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Conde ex rel Lopez v. Commissioner of Social Security

UNITED STATES DISTRICT COURT DISTRICT OF NEW JERSEY


March 31, 2009

EVELYN CONDE FOR MADELINE LOPEZ, PLAINTIFF,
v.
COMMISSIONER OF SOCIAL SECURITY, DEFENDANT.

The opinion of the court was delivered by: Chesler, District Judge

ORDER

This matter comes before the Court on the motion for attorney's fees pursuant to the Equal Access to Justice Act ("EAJA"), 28 U.S.C. § 2412, by Plaintiff Evelyn Conde for Madeline Lopez. Pursuant to Fed. R. Civ. P. 78, the Court did not hear oral argument. After considering the submissions of the parties, and based upon the following, Plaintiff's application for attorney's fees is GRANTED in part and DENIED in part.

In brief, the background to this motion is as follows. Plaintiff appealed the final decision of the Commissioner of Social Security ("Commissioner") determining that Madeline Lopez is not eligible for Disability Income benefits under the Social Security Act ("the Act"). Plaintiff did not file the statement required by L. CIV. R. 9.1(2), but filed a brief in support of her appeal. The Commissioner agreed to a remand, and the appeal was resolved via a consent Order, reversing the Commissioner's decision and remanding the case. Plaintiff subsequently filed the instant motion for attorney's fees in the amount of $4796.50. Defendant has opposed this motion, arguing that the amount of fees is excessive because, in short, Plaintiff failed to comply with L. CIV. R. 9.1(2).

In reply, Plaintiff concedes that "defendant has a point." (Pl.'s Reply Br. 1.) Yet Plaintiff argues, in essence, that L. CIV. R. 9.1(2) statements are a waste of time. This is unpersuasive both as a policy recommendation and as a legal argument. The party seeking attorney's fees must prove the reasonableness of its request. Rode v. Dellarciprete, 892 F.2d 1177, 1183 (3d Cir. 1990). Plaintiff has not persuaded this Court that the request is reasonable.

To meet its burden, Plaintiff must "submit evidence supporting the hours worked and rates claimed." Id. If a party challenges the fee request, it must identify the portion of the fee request being challenged and state the ground for the challenge. Bell v. United Princeton Properties, 884 F.2d 713, 715 (3d Cir. 1989). The court possesses wide discretion "in deciding what a reasonable fee award is, so long as any reduction is based on objections actually raised by the adverse parties." Id. at 721. A court may not award less in fees than requested unless the opposing party makes specific objections to the fee request. U.S. v. Eleven Vehicles, 200 F.3d 203, 211 (3d Cir. 2000).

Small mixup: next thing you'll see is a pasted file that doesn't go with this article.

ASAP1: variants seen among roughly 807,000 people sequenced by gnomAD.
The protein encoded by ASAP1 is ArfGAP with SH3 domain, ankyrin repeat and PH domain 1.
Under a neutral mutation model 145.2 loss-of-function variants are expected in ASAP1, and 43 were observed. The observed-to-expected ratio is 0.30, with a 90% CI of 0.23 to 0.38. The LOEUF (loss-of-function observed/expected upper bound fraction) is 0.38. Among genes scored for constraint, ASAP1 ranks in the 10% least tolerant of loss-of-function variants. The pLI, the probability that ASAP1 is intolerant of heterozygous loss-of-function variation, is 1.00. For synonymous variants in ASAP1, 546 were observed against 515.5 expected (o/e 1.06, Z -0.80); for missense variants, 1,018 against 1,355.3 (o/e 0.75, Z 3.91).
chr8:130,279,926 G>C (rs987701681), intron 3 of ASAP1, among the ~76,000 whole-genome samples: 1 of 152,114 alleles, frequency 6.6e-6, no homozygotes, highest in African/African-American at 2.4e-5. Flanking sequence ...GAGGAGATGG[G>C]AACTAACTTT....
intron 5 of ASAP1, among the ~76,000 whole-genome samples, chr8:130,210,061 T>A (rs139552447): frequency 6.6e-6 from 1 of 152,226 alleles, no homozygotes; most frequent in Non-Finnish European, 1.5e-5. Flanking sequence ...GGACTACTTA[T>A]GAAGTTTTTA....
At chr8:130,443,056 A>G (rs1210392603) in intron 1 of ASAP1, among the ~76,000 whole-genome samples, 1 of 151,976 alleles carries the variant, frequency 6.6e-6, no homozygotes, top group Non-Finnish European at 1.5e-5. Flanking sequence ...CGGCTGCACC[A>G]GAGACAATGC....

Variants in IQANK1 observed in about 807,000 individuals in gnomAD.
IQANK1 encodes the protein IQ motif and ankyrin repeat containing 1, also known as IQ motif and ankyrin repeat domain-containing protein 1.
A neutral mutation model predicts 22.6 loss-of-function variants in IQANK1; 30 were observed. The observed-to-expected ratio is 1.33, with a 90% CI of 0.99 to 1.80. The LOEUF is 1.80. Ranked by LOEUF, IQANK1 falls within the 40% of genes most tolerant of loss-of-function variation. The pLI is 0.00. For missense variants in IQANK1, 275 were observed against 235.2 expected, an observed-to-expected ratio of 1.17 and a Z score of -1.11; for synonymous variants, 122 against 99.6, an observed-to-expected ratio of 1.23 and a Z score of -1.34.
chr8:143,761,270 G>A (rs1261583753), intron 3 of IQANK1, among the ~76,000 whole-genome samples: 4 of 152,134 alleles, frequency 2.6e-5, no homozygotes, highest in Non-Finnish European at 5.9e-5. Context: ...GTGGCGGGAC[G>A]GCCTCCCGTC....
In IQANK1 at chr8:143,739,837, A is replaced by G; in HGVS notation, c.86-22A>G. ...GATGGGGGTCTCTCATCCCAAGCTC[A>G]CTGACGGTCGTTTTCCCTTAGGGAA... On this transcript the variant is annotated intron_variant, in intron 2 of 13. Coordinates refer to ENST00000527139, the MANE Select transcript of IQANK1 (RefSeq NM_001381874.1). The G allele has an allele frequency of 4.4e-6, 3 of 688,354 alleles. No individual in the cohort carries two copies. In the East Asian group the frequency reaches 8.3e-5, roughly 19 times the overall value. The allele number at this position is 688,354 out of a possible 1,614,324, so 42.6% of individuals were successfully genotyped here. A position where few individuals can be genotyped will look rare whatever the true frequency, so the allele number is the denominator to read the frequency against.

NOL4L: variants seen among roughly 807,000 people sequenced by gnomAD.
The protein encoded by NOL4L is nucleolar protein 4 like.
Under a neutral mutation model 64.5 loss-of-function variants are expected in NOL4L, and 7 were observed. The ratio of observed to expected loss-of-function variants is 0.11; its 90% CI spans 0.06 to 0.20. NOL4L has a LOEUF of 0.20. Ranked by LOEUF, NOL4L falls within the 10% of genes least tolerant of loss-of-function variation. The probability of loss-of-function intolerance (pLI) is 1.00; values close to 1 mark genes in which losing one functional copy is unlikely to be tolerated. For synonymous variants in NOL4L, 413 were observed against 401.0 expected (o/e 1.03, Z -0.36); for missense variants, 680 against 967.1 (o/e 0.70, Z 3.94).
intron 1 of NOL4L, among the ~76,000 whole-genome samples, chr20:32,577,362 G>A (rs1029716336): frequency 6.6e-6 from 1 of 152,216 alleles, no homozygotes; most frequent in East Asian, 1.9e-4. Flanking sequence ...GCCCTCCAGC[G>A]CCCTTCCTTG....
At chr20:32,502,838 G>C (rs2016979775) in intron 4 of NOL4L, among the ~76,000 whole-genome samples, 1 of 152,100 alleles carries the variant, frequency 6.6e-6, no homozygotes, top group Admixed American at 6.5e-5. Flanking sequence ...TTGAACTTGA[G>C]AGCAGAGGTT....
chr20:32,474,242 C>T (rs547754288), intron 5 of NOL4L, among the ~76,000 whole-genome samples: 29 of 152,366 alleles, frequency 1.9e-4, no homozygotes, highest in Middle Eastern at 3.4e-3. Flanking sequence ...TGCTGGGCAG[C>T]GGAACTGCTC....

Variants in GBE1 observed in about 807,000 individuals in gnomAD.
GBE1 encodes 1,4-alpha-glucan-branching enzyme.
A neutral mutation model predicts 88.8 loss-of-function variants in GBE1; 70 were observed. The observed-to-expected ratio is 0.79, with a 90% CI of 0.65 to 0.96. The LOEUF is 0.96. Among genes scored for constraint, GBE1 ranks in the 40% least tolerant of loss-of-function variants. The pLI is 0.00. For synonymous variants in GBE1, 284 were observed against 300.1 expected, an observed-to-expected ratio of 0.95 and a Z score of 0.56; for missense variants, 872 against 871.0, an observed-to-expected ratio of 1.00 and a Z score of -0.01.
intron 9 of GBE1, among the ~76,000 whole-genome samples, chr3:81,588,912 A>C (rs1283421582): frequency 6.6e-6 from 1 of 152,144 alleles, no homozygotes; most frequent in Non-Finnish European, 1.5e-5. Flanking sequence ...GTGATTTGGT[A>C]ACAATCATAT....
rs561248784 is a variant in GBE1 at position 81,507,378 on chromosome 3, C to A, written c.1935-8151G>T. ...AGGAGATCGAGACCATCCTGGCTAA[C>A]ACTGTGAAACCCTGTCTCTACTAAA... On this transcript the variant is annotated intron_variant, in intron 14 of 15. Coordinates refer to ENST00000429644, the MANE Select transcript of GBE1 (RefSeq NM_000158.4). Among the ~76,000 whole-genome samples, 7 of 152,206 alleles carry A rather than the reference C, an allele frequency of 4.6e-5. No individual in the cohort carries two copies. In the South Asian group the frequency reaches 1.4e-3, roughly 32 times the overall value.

As Defendant points out, this fact pattern evidences a recurring problem in Social Security appeal cases in this district: a plaintiff does not submit the brief statement required by L. CIV. R. 9.1(2) but, instead, writes a full brief. After the case is resolved in plaintiff's favor on consent, plaintiff asks the Commissioner to pay the entire cost of writing the brief, when the appeal might have been amenable to the same resolution -- but achieved at lower cost -- after submission of the required summary statement. In such cases, a number of courts in this district have adopted the practice of reducing the hours charged for writing the brief to 7.2 hours, an estimate of the time that would have been required to write the L. CIV. R. 9.1(2) statement. See, e.g., Shalan v. Commissioner of Social Sec., 2008 WL 2224809 (D.N.J. May 27, 2008). L. CIV. R. 9.1(2) states that its purpose is "to encourage early and amicable resolution of Social Security matters." This Court agrees with Defendant, and with our sister Courts of this district, that this policy is furthered by reducing awards of attorney's fees when an attorney fails to comply with the requirements of the rule. Plaintiff's request for fees is not entirely reasonable and will be reduced. Plaintiff has requested an award of 21.5 hours for writing the brief, and a total award of 27.95 hours at the hourly rate of $171.61. This Court limits the award for time spent writing the brief to 7.2 hours, resulting in a total award of 13.65 hours. At an hourly rate of $171.61, this yields an award of $2342.48.

As to the issue of whether these fees should be awarded to Plaintiff or Plaintiff's counsel, this Court awards them to Plaintiff's counsel, for the reasons stated in Williams v. Comm'r of Soc. Sec., 549 F. Supp. 2d 613 (D.N.J. 2008).

Plaintiff's motion for attorney's fees will be granted in part and denied in part, and Plaintiff's attorney will be awarded $2342.48.

For these reasons,

IT IS ON THIS 31st DAY OF March, 2009

ORDERED that Plaintiff's motion for attorney's fees (Docket Entry No. 17), pursuant to 28 U.S.C. § 2412, is GRANTED; and it is further

ORDERED that Defendant shall pay attorney's fees and costs to Plaintiff's attorney, Langton & Alter, Esqs., in the amount of $2342.48.

STANLEY R. CHESLER, U.S.D.J.

20090331

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